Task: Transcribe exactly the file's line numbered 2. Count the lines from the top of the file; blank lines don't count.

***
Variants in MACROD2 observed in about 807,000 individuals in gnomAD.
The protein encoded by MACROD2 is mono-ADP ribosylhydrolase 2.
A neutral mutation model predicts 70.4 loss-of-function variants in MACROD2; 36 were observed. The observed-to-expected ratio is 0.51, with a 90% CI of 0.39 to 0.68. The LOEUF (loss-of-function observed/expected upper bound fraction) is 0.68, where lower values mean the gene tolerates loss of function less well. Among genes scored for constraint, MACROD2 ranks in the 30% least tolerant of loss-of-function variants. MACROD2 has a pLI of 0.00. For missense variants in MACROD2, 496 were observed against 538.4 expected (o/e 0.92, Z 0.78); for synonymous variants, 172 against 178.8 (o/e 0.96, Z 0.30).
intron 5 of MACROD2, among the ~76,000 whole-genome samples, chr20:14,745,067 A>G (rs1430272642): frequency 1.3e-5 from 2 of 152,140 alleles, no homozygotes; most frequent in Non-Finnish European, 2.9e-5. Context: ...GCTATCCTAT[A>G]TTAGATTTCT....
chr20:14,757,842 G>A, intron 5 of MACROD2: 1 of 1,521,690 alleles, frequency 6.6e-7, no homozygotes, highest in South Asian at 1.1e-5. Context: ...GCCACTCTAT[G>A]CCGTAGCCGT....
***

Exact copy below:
The protein encoded by MACROD2 is mono-ADP ribosylhydrolase 2.